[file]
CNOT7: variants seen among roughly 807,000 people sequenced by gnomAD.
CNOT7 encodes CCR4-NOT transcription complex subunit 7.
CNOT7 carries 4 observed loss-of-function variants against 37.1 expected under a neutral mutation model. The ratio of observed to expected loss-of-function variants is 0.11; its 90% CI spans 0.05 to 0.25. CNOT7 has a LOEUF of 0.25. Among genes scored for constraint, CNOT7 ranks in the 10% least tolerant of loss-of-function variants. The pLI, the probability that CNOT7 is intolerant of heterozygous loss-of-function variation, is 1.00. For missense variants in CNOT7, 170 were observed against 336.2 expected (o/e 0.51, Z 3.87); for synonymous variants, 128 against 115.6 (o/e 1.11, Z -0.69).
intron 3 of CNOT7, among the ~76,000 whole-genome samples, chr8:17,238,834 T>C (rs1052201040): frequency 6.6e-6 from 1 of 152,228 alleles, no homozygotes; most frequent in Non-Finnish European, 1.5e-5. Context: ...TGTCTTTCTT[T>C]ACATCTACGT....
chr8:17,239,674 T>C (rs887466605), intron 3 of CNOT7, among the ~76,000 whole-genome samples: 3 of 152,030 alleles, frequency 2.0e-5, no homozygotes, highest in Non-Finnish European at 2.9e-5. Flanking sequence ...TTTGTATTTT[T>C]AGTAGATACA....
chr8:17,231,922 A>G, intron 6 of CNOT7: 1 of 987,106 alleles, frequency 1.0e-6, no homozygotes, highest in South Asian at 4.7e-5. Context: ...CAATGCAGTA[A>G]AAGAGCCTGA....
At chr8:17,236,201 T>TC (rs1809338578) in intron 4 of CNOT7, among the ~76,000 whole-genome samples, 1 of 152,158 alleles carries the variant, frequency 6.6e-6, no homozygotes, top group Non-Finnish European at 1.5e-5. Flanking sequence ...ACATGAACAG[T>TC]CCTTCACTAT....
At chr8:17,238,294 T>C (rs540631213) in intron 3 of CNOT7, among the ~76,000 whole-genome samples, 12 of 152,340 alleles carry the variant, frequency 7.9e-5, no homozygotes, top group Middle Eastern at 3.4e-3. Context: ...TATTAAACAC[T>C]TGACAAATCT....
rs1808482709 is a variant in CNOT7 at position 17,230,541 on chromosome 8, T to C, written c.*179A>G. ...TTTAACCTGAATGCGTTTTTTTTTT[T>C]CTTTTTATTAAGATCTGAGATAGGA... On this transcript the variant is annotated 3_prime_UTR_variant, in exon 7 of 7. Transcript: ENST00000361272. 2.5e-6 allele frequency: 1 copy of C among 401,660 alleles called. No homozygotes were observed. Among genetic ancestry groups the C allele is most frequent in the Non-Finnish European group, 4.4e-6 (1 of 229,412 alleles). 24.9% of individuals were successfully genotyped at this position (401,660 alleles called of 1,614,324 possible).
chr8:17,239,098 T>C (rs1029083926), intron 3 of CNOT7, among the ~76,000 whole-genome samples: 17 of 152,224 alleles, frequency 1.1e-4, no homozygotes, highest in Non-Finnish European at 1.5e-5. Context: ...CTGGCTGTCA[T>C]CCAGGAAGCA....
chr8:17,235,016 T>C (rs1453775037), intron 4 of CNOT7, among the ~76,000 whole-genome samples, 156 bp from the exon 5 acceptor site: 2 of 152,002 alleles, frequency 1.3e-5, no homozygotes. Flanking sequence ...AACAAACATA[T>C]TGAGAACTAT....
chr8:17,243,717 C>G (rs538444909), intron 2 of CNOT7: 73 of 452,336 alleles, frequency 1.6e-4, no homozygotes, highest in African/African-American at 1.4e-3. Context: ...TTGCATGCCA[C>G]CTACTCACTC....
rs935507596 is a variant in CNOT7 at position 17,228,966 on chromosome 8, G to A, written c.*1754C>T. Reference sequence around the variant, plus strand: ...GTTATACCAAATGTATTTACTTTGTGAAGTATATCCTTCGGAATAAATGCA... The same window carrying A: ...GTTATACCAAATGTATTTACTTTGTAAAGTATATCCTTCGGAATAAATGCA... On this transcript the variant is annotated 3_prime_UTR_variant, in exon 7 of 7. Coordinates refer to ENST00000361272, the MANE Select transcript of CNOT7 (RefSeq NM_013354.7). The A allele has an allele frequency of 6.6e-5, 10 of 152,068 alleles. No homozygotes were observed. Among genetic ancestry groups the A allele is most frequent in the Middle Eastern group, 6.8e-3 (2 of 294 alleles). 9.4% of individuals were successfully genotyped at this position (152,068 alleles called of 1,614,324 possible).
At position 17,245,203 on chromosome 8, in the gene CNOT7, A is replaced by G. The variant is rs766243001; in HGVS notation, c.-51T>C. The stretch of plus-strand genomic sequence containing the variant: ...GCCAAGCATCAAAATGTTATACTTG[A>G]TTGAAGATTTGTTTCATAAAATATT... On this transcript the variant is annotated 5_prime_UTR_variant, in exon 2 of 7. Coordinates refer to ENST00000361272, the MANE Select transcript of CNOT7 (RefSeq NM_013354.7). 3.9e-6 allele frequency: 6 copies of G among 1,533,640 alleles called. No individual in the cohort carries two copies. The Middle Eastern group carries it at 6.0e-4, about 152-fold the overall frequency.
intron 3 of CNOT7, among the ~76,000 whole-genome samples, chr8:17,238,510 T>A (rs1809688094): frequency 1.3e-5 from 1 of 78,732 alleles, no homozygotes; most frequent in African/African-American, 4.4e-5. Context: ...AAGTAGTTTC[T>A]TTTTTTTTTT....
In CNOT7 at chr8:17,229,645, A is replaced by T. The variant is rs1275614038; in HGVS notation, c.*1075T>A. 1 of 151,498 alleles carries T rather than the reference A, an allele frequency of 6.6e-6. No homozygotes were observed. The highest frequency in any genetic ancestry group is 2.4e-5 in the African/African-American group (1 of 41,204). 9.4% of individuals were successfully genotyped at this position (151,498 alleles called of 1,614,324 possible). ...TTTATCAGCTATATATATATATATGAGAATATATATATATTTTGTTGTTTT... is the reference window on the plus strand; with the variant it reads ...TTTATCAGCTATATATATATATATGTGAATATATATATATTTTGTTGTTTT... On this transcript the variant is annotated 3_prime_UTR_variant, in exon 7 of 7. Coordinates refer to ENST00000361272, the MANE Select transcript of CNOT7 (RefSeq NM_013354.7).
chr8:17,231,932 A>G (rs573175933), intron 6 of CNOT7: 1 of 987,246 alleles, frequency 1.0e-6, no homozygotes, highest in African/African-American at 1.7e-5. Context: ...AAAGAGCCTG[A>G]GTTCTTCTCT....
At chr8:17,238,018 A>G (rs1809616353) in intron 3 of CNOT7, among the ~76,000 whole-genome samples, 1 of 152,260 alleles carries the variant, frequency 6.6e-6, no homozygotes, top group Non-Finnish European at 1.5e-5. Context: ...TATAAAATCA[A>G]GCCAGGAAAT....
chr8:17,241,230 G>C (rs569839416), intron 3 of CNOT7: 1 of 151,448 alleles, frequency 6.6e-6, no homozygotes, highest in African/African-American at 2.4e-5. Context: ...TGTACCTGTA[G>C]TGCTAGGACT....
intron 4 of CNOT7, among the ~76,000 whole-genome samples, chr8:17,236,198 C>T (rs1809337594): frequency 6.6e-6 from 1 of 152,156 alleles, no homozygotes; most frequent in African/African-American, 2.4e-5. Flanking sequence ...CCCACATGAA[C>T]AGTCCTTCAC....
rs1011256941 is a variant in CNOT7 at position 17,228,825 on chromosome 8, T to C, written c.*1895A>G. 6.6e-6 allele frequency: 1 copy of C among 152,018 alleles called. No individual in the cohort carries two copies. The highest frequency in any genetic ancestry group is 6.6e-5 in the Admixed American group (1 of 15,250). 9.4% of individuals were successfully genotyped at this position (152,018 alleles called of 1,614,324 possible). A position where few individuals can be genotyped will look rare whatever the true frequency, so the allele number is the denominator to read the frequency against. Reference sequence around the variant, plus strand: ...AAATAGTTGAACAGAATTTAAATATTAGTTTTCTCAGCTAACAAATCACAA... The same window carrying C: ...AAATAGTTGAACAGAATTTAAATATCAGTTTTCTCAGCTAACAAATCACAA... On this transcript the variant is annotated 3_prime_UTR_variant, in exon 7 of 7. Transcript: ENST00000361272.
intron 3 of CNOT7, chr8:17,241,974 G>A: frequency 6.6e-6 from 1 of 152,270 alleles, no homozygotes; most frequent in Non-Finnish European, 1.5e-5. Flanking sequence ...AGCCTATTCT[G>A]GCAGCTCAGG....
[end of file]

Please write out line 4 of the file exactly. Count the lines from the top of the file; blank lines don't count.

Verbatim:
intron 3 of CNOT7, among the ~76,000 whole-genome samples, chr8:17,238,834 T>C (rs1052201040): frequency 6.6e-6 from 1 of 152,228 alleles, no homozygotes; most frequent in Non-Finnish European, 1.5e-5. Context: ...TGTCTTTCTT[T>C]ACATCTACGT....